Soil Sampling, Erosion Control Signal Final Steps of USACE Debris Removal Process

The U.S. Army Corps of Engineers reached a significant milestone in the first week of April, surpassing 510 properties cleared of debris from the wildfires that devastated West Maui on Aug. 8, 2023.

Although close, cleared does not signify complete. There are a few remaining steps before USACE releases a property back to the county for the next phase, rebuilding.

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Col. Eric Swenson, recovery field office commander, discussed the differences between cleared and completed properties during an April 3 public meeting at the Lahaina Civic Center.

“I want you to think about debris removal with two letters. It’s the same letter. I want you to think about lowercase ‘c’ and capital ‘C,'” Swenson said to the attendees. Little ‘c’ is what we’re calling cleared. That is the visible sign that your property had removed primary debris and safely stored it at a temporary disposal site. Then there’s capital ‘C,’ or maybe some people might call it big ‘C,’ which means complete.”

U.S. Army Corps of Engineers contractors measure area sampled for soil contaminants from a cleared property April 5 in Lahaina, Hawaii. The samples will be sent for analysis and if negative for contaminants the lot will receive erosion control materials. USACE PHOTO BY EDWARD RIVERA

Swenson further explained that complete means that USACE contractors clear the property of primary debris, perform soil sampling and tree removal as needed, place erosion control, and return the right of entry to the county and the complete package to FEMA.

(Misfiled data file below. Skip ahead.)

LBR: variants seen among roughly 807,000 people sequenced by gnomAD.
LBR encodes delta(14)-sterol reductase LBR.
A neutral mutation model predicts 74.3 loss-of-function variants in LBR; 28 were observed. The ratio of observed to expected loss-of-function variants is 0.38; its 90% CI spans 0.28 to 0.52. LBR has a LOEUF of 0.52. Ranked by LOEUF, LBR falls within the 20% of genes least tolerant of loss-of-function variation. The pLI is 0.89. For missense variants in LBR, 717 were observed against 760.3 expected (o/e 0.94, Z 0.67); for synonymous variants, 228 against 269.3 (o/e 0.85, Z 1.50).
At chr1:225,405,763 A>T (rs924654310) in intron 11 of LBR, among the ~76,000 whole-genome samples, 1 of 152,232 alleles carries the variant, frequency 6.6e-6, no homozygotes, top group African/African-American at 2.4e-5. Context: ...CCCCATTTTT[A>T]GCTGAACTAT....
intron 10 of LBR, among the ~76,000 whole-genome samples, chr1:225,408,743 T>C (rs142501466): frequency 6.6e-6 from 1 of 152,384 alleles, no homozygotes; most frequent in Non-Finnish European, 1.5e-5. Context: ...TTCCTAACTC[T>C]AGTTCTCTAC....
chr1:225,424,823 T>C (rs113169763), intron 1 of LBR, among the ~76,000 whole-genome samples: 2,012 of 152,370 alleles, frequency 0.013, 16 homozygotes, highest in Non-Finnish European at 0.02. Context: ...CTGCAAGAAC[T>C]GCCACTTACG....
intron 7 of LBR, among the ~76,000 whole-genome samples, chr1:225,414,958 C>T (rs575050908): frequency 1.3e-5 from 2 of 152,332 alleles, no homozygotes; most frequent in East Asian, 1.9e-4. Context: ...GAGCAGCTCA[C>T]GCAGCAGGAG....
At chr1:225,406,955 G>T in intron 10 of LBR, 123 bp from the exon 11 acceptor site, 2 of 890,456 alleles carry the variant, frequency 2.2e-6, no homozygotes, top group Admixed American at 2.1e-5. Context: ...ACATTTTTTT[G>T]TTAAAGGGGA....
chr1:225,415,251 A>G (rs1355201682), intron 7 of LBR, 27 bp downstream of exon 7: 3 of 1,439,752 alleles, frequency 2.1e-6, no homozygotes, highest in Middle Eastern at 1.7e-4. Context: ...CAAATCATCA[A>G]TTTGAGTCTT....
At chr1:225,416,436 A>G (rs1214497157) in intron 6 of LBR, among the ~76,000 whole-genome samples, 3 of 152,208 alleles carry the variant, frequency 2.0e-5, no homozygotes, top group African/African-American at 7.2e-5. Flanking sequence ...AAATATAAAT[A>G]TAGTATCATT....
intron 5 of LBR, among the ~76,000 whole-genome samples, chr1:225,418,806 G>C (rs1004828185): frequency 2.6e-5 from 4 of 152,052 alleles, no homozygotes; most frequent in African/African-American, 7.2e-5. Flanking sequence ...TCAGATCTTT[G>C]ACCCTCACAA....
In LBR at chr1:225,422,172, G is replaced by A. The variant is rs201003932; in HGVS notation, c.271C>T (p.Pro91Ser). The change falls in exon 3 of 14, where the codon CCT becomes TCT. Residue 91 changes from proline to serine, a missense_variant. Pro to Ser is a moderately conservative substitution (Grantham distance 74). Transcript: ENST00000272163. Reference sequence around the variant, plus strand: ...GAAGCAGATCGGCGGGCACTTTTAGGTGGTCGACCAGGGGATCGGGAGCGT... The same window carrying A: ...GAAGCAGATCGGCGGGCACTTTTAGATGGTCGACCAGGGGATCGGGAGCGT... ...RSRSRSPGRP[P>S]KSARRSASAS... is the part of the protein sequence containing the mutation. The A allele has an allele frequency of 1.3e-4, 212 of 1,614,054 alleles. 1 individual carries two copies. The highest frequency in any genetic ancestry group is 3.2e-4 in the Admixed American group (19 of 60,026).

When a property owner is in the “little c” to “big C” zone, the steps to USACE completion are clear and defined. Once contractors have cleared the lot, the next step is soil sampling, which takes 10-15 days. If the initial samples return positive for contaminants, a secondary scrape will be done, adding several days to that step. If required, contractors will remove hazardous trees, which may take a few more days. Placing erosion control materials is the last step to completion on the property, and it may take from 5 to 10 days.

A U.S. Army Corps of Engineers contractor places erosion control materials on a cleared property during Phase 2 debris removal operations April 05 in Lahaina, Hawaii. Erosion control is used for soil stabilization and is the last step in the debris removal process before right of entry is relinquished back to the County of Maui. USACE PHOTO BY EDWARD RIVERA

“Once all those steps are done, and not all of them are required, we add one more number to complete, which we’re calling ‘capital C.’ This is sort of a fixed amount of time,” said Swenson. “You should rest assured that when your property gets to little C, you are looking from about 15 to 50 days to get to the next phase, permitting and rebuilding.”

For information on the debris removal program, visit mauirecovers.org or contact USACE directly at the call center, 877-214-9117 or 808-289-1805. The call center is open from 6 a.m. to 6:30 p.m. Monday through Friday, from 6 a.m. to 4:30 p.m. Saturdays, and from 6 a.m. to 2:30 p.m. Sundays.

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